Marc Friedenberg originally booked a smaller room at the Forum Building on Penn State’s campus to hold a town hall-type meeting with constitutes of Rep. Glenn Thompson, R-Howard Township.
But the response was so big, the lecturer at Penn State’s College of Information Sciences and Technology said he needed a larger room.
On Saturday afternoon, the lecture hall that seats 369 people was filled to capacity, leaving only room for others to stand outside of the doorway.
Friedenberg said he organized the meeting as a way for people of the 5th Congressional District to have their voices heard in a public setting, with or without the congressman.
Thompson was informed about the meeting, but was not present.
“(Thompson) always has an open door for constituents who are interested in meeting to discuss the issues. While there are certainly constituents with valid concerns, many protesters have turned down an opportunity to meet with the congressman personally,” Thompson’s Communications Director Renée Gamela told the CDT on Thursday. “Although he has not ruled out hosting a town hall, Mr. Thompson will be responsible for organizing the event, not his political opposition.”
Thompson did not respond to comment Saturday.
“For people who’ve been trying to set up group meetings or small-group meetings with the congressman, for weeks and months now we’ve been hearing that it’s very hard to get a hold of him,” Friedenberg said. “His office has been largely unresponsive, so we’ve asked repeatedly for town halls. Protests have been held in front of his office in Bellefonte and the response has been that the congressman doesn’t want to have the town hall.”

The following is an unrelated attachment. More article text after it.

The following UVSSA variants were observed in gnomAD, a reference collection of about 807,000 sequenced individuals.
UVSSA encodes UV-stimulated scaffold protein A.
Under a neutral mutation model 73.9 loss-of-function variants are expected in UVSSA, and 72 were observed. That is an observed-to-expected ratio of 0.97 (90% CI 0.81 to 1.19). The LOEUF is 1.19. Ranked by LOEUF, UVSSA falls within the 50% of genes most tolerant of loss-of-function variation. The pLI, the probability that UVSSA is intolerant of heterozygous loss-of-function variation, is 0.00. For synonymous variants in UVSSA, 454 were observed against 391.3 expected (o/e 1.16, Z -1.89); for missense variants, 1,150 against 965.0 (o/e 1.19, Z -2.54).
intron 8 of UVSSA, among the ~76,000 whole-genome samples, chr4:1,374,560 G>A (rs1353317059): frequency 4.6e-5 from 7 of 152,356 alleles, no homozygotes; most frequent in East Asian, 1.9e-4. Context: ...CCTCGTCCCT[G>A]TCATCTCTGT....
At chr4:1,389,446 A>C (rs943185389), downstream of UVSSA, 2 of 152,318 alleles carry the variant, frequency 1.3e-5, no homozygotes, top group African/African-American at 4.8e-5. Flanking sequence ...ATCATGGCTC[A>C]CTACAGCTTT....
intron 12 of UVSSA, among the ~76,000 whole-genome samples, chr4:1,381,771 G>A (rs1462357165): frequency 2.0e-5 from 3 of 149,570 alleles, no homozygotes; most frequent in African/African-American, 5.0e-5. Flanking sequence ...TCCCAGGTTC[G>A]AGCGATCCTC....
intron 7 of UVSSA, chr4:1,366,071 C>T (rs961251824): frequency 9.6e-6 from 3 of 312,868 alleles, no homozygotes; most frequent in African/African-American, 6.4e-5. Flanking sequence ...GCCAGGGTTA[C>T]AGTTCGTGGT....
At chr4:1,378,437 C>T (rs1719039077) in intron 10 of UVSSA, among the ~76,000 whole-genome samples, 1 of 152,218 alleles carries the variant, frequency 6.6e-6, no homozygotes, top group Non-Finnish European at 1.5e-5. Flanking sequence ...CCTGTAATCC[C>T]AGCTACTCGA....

Friedenberg said he helped organize Saturday’s event, which was co-hosted by IST Student Government, and included residents from Thompson’s district.
“We’re not protesters, we’re not political opposition, we are constituents and there are a lot of things that we care about,” Friedenberg said. “We care about health care, we care about the environment, we’re very worried about the way a lot of different issues in our country are moving right now, and we’d like a chance to at least know that we’ve been heard.”
Dozens of people stood at the front of the room and shared their questions and concerns with the crowd, and to a cardboard cutout of the congressman’s face.
“I’m here today to sound an alarm,” said David Werner, an optometrist with offices in Centre and Clearfield counties. “Our democracy is being threatened and our representative, Thompson, is AWOL. Whether you’re a Democrat, Republican, independent, Green party, Libertarian, we must all stand together and take back our democracy.”
He said he is concerned that President Donald Trump is limiting basic rights, which Thompson isn’t opposing.
“Is he always going to be a Trump yes-man?” Werner asked.
When members of the crowd agreed or disagreed with a statement, they waved a red or green piece of construction paper.
Friedenberg said a recording of the meeting will be sent to Thompson with the hope he would publicly respond to questions.
“We’re looking for a response so we can better understand the thinking of our representative,” Friedenberg said
The next step, he added, is to continue to organize more meetings and to be more proactive in getting Thompson’s attention.
“I think think that there’s a lot of passionate citizens that the congressman may not have realized were so interested in seeing him and hearing from him,” Friedenberg said. “I think this event really sends that message.”